Retinoic acid inducible gene 1 (RIG-1), multi-domain protein has a role-play in detecting viral nucleic acids and stimulates the antiviral response. Dysfunction of this protein due to mutations makes the route vulnerable to viral diseases.Aim
Identification of functional hotspots that maintains conformational stability in RIG-1 domains.Methods
In this study, we employed a systematic in silico strategy on RIG-1 protein to understand the mechanism of structural changes upon mutation. We computationally investigated the protein sequence signature for all the three domains of RIG-1 protein that encloses the mutation within the motif. Further, we carried out a structural comparison between RIG-1 domains with their respective distant orthologs which revealed the minimal number of interactions required to maintain its structural fold. This intra-protein network paved the way to infer hotspot residues crucial for the maintenance of the structural architecture and folding pattern.Key findings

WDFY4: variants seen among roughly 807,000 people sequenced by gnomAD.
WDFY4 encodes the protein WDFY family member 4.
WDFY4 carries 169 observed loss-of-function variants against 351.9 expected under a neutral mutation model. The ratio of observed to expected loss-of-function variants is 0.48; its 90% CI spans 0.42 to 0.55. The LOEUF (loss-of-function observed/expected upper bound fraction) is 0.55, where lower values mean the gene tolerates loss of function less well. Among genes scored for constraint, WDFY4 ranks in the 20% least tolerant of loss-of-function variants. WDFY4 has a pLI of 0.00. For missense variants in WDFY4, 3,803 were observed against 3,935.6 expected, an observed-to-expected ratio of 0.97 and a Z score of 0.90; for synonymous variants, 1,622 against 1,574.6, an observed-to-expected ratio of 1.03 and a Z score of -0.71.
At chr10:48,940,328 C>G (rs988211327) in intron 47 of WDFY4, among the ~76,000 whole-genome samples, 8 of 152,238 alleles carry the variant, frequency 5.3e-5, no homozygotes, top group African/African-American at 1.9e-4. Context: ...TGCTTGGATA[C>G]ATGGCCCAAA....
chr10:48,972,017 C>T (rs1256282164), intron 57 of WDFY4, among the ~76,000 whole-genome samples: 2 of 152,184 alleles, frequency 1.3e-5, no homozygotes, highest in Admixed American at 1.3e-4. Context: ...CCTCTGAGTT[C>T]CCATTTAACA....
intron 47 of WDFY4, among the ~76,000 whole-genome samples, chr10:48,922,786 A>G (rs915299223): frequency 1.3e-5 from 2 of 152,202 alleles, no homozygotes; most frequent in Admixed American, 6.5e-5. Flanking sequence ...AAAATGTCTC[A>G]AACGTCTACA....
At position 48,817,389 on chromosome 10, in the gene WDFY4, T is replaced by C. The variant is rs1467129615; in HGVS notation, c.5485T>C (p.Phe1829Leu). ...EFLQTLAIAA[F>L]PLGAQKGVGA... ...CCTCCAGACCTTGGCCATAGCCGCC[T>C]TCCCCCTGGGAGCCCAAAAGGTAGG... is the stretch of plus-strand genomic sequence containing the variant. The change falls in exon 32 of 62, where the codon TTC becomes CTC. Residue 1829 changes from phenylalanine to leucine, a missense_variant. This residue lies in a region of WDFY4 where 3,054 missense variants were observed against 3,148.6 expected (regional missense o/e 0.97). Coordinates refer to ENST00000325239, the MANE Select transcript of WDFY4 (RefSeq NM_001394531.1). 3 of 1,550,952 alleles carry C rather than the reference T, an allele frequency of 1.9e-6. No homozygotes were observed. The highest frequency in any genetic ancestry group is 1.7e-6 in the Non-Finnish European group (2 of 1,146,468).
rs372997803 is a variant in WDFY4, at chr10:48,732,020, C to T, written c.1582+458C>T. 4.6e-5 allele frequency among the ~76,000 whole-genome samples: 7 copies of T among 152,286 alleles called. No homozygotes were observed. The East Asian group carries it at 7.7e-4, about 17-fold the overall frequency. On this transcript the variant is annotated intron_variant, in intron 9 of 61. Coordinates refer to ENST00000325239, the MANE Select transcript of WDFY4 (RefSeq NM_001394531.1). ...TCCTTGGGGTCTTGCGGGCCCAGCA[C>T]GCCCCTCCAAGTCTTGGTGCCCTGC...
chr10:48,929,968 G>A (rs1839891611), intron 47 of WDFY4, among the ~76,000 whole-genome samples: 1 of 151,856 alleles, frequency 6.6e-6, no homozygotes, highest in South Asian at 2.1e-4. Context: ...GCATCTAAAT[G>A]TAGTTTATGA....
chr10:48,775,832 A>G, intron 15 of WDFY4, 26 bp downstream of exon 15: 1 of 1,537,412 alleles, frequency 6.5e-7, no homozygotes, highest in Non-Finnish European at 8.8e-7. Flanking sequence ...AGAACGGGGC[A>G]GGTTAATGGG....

Our analysis revealed about 40 hotspot residues that determine the folding pattern of the RIG-1 domains. Also, conventional molecular dynamic simulation coupled with essential dynamics provides conformational transitions of hot spot residues among native and mutant structures. Structural variations owing to hotspot residues in mutants again confirm the significance of these residues in structural characterization of RIG-1 domains. We believe our results will help the researchers to better comprehend towards regulatory regions and target-binding sites for therapeutic design within the pattern recognition receptor proteins.Significance
Our protocol employed in this work describes a novel approach in identifying signature residues that would provide structural insights in protein folding.Graphical abstract
Schematic illustration outlines the hotspot identification from the sequence-structure relationship.